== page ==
Archive for the ‘home improvement’ Category

By Stephanie Andre

RISMEDIA, July 3, 2010–Just in time for summer home improvement season, here are some simple tips, courtesy of Glidden, to help do-it-yourself enthusiasts liven up any space.

1. Pick the appropriate lighting for your paint color. The trick is to create a harmonious balance between color and light. Make up for the lack of light by adding in some table lamps, wall sconces, a chandelier or a mirror and watch how it makes the room look so much bigger even if you’ve painted it charcoal gray.

2. Don’t forget about layering texture and pattern. It gives a room personality and stops the room from looking too flat. Silk curtains, a patterned pillow, or even a nice linen wallpaper are all things that can give the room dimension and make the room more interesting.

3. Look for ways to mix and match furniture. Just because the furniture you like is available as a set doesn’t mean you have to purchase it that way. Mix it up a bit. Consider going with a white lacquer bookcase and a wood coffee table in your living room or a leather sofa paired with a beautiful upholstered armchair.


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The federal economic stimulus package signed into law last year included substantial tax credits for energy-saving home improvements. This means you can cut your monthly utility billsĀ AND reduce your income taxes, while making your home more attractive and possibly more valuable when it’s time to sell!

The Existing Home Retrofit Tax Credit includes a range of energy-saving fix-ups, from windows to windmills, that qualify for a tax break from hundreds to thousands of dollars. Here are five points to ponder:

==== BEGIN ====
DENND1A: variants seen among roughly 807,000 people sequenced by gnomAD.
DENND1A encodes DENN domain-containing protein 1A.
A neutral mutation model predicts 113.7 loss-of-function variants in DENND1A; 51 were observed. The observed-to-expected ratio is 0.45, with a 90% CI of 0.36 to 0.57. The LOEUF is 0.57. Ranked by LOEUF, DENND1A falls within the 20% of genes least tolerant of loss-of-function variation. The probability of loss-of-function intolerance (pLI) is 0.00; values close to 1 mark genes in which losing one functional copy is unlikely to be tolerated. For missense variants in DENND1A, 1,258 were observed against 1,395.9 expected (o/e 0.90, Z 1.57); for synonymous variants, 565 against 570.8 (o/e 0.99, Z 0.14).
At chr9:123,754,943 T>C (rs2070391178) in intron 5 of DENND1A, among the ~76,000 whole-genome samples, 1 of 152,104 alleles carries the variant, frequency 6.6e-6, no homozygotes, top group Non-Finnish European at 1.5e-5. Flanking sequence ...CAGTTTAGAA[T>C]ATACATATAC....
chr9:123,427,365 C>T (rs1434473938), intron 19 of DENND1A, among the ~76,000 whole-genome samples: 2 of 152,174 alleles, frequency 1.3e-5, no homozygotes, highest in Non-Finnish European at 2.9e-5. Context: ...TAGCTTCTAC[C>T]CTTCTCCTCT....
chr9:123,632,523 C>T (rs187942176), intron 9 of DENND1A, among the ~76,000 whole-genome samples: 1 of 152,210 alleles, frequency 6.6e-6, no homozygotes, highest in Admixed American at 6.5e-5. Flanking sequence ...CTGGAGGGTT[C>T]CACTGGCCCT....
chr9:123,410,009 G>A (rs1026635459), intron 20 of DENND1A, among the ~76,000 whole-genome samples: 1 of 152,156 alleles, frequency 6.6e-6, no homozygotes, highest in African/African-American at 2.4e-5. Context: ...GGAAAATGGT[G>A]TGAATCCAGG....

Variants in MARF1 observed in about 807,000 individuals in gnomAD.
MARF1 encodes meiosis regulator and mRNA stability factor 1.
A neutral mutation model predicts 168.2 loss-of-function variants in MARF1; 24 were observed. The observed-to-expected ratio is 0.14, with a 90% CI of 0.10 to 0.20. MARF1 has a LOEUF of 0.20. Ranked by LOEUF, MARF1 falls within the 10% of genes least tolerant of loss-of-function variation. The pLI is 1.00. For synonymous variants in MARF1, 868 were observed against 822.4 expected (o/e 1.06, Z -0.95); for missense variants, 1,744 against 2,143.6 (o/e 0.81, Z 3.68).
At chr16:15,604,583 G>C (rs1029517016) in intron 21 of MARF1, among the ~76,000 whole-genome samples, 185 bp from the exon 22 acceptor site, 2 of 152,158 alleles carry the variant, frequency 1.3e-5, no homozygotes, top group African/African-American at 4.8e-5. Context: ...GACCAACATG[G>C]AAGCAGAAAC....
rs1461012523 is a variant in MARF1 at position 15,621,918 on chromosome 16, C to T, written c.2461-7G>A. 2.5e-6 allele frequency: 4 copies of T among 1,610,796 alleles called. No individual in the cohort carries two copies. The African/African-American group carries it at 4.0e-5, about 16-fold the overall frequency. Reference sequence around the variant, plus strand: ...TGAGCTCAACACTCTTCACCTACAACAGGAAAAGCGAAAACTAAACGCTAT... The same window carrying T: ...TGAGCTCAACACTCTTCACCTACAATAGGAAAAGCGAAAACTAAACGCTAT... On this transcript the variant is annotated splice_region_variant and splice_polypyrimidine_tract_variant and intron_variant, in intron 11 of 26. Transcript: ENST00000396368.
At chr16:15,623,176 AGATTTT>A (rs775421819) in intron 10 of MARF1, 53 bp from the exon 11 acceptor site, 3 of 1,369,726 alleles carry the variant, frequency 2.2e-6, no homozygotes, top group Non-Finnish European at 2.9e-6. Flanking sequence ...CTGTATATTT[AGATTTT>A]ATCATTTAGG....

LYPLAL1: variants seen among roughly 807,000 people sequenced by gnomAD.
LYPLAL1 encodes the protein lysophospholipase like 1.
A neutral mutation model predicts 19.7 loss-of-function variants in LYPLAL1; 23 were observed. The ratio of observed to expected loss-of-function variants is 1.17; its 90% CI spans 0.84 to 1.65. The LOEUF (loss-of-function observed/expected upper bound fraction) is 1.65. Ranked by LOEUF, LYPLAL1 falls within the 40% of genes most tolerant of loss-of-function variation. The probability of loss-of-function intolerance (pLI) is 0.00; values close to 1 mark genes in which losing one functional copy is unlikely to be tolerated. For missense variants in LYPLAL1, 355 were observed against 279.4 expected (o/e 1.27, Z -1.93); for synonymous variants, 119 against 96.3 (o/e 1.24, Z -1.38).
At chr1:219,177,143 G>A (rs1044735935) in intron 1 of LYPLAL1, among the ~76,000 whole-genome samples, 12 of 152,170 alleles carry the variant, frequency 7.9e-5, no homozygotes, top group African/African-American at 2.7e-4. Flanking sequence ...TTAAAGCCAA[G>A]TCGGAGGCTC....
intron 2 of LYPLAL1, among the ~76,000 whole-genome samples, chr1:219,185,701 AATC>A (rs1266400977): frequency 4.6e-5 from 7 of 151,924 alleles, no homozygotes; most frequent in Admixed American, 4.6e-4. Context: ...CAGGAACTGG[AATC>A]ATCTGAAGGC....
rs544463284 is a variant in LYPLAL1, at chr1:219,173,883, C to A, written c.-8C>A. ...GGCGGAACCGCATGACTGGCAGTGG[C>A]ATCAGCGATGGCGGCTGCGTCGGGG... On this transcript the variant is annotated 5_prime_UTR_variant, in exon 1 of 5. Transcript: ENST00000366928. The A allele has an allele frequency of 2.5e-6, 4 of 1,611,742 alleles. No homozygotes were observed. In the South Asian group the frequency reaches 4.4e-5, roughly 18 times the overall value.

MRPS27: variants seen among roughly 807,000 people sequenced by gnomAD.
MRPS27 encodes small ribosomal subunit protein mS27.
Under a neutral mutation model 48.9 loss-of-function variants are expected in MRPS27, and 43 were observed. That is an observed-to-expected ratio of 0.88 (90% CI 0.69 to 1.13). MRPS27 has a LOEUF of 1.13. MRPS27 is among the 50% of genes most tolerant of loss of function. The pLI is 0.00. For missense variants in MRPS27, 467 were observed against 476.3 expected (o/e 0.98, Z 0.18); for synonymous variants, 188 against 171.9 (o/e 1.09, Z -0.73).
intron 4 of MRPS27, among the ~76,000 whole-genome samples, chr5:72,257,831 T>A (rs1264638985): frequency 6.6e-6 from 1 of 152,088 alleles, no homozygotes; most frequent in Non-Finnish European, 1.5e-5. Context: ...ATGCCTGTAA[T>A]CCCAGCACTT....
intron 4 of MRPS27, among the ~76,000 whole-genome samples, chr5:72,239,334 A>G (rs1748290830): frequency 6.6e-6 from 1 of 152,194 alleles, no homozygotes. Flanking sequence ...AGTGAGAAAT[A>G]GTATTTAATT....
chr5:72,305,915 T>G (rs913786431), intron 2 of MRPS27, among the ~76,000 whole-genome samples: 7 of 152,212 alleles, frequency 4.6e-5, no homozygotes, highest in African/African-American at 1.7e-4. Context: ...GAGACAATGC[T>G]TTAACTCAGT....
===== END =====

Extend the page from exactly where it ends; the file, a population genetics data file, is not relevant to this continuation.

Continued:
1. The easiest way to qualify for a tax credit is to buy and install approved products that improve your home’s energy efficiency — heating, ventilating, air conditioning (HVAC) systems, biomass stoves, insulation, doors and windows, some types of roofing, and non-solar water heaters. The tax credit is 30% of the cost of the materials up to $1,500. Some items include installation in the tax credit, some do not, so check at the government’s Energy Star web site below.

2. If you put in a geothermal heat pump, small residential wind turbine, or solar energy system, the tax credit could be even bigger. It’s still 30% of the cost, but there’s no upper limit. So $25,000 spent on rooftop solar heat panels gets you a $7,500 tax credit. Fuel cells earn a tax credit of 30% of the cost, up to $500 per 0.5 kW of power capacity.

3. Tax credits are better than tax deductions, which only lower your taxable income. A tax credit reduces the actual taxes you owe.

4. To qualify for the tax credit, you need to keep itemized receipts and product labels and file a special IRS form. There are specific provisions and exclusions for existing and new homes, principal residences and second homes, and rentals. Be sure to consult with a tax accountant. You can get background information at http://www.energystar.gov/index.cfm?c=tax_credits.tx_index.

5. Beyond the federal tax credits, many municipal, county, and state governments, as well as utilities, also offer incentives for purchasing certain energy-efficient products. Check on the internet for cost-saving opportunities from all these sources.

So if you’re thinking about a summer project, consider energy-saving home improvements that could save you big money on next year’s income taxes!

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